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Models, Setup & Features
Scroll Saw Blades
Patterns & Layout
Speeds & Feeds
Basic Techniques
Pad Sawing
Piercing Cuts
Bevels & Chamfers
Solid Wood Inlays
Raised or Recessed Inserts
Small Pieces & Thin Stock
Cutting Metal, Plastic, & Other Materials

Shopsmith Scroll Saw
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Pg 1-3,
Pg 4-6,
Pg 7-9, Pg 10-11, Pg 12-13

Solid Wood Inlays

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Figure 15-15. When sawing inlays, experiment with the table tilt until distances "A" and "B" are equal. The inlay will then fit snugly into the background. Click on image for larger view.

Flush inlays of complimentary or contrasting woods can be used to accent your most sophisticated projects. They can be made with no visible gap or saw kerf thanks to the scroll saw's piercing and bevel cutting capabilities. But professional looking inlays require patience and practice because a very slight bevel angle is used and both the background and insert pieces are cut at one time. This means there Will be no waste area for repositioning the stock, so your planning, setups and cuts must be made very accurately.

After selecting your pattern and stock, the correct table tilt must be determined. This angle will usually be between one and eight degrees, depending on the thickness of the stock and the width of the saw kerf. It is easiest to find this angle by trial and error (Figure 15-15).

You should also consider which way the table will tilt and which direction the stock will be rotated during the cut. Either direction will work as long as you plan it that way. For example, tilting the table to the right and rotating the stock clockwise will make the lower piece fit into the upper one. Tilting to the left or cutting counterclockwise will make the upper piece fit into the lower one.

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Figure 15-16. Tape scrap pieces of the background and inlay stock together. Make trial cuts until pieces fit correctly.

When your setup is ready for a test, tape scrap pieces of the background and inlay stock together and cut out a trial piece at the edge of the stock (Figure 15-16). Be sure to rotate the test piece in the same direction you will be using for your final cuts. Then try fitting the inlay test piece into the background (Figure 15-17). When the correct angle and direction of rotation is used, the in lay piece will fit snugly into the background with only enough room to allow for glue. If the test piece is too small or too big, adjust the table tilt slightly and try again until the pieces fit correctly.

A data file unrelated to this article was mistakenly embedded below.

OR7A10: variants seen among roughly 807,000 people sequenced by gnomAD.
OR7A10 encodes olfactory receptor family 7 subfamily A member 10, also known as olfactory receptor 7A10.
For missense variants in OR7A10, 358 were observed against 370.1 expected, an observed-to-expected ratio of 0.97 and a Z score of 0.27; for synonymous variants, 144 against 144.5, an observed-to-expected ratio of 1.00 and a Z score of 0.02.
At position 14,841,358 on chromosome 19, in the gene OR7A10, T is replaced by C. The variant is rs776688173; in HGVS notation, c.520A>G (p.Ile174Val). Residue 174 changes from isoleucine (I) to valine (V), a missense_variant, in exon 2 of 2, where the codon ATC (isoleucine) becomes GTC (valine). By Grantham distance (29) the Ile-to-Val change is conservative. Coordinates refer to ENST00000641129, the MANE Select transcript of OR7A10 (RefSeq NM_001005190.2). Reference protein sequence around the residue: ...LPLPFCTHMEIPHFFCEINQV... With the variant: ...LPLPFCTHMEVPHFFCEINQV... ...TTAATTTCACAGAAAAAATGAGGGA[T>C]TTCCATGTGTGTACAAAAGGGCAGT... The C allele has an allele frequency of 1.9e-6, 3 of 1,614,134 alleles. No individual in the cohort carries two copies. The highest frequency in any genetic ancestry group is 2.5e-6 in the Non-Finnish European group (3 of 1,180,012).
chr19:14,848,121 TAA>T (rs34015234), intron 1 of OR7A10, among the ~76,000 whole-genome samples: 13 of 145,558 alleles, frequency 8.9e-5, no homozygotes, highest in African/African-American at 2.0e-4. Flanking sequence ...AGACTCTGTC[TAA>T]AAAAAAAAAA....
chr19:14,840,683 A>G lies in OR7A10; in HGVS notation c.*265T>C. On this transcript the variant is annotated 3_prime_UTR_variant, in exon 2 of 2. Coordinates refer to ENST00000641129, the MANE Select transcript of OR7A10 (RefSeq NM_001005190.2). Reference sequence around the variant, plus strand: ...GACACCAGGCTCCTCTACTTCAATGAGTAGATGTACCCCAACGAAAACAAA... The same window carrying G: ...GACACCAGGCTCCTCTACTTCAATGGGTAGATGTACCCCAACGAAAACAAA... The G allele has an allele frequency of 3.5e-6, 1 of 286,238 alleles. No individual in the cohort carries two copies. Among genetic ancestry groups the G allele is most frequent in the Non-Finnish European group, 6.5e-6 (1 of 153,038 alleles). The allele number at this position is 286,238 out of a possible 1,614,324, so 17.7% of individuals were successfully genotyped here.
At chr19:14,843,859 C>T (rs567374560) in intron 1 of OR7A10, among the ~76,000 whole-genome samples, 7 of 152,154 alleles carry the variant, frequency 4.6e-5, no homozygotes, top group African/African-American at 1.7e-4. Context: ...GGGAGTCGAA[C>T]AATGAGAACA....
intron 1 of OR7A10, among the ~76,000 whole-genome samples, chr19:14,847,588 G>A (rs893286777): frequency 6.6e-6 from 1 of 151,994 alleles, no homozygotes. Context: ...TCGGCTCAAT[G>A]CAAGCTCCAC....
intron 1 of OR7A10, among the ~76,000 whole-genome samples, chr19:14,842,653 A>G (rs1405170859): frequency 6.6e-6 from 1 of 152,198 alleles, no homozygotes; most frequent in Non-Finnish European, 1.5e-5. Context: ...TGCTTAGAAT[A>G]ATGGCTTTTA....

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Figure 15-17. Fit the inlay pieces into the background.

You may also want to increase the blade tension somewhat for cutting inlays because bulges or bowed cuts can ruin your project. This increased tension will cause blades to break more frequently, but with a little practice, you'll find a good compromise.

When everything is ready, fasten the inlay and background pieces together as you would for pad sawing and drill a hole to insert the blade. This hole must be drilled at the same angle as the table tilt, so cut a piece of scrap or use your test piece as a drilling guide (Figure 15-18). Since this hole must be filled when the project is complete, make it as small as possible for the blade you're using and drill close to an inside corner or other inconspicuous location.

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Figure 15-18. Use your test piece as a guide for drilling a hole for the blade at the proper angle.

Finally, if you're making duplicates or cutting several designs with the same stock and blade, go ahead and finish them all while the setup is correct. Any change in blade width or stock thickness will require a new setup.

Continue to Raised or Recessed Inserts
Back to Bevels & Chamfers




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